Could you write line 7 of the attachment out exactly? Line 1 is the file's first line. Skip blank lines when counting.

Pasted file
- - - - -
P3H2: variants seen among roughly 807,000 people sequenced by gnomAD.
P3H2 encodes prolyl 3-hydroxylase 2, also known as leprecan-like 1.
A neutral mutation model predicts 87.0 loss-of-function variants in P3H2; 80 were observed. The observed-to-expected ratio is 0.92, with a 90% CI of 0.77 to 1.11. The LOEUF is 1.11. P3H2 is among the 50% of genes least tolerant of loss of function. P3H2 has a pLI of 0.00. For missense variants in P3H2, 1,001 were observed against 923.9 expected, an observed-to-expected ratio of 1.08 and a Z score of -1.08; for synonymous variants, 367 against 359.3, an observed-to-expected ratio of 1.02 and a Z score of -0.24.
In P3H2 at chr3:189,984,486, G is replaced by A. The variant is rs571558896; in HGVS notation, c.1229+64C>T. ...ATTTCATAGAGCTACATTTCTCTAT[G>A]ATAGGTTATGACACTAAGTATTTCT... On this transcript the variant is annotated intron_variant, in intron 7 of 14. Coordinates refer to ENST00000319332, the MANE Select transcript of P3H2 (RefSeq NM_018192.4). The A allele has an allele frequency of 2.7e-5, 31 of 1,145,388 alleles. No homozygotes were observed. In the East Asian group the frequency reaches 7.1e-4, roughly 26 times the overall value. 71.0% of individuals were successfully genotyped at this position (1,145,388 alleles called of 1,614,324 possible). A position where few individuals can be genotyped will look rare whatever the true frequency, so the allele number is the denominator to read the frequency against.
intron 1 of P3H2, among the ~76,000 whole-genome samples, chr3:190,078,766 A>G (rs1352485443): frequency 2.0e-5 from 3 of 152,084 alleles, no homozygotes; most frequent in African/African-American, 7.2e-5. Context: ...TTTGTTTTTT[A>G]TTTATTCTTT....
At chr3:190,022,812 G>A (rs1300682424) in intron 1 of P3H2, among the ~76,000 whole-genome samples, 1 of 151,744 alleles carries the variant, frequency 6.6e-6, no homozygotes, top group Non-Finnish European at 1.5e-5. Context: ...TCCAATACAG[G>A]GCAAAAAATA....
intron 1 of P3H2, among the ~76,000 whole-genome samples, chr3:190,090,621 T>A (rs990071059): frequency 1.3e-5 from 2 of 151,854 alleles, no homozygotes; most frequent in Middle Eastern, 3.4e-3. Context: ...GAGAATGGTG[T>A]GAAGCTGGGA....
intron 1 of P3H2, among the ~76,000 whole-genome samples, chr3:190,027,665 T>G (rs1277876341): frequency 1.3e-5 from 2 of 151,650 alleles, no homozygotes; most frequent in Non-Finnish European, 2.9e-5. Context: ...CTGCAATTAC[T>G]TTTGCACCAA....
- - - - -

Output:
intron 1 of P3H2, among the ~76,000 whole-genome samples, chr3:190,090,621 T>A (rs990071059): frequency 1.3e-5 from 2 of 151,854 alleles, no homozygotes; most frequent in Middle Eastern, 3.4e-3. Context: ...GAGAATGGTG[T>A]GAAGCTGGGA....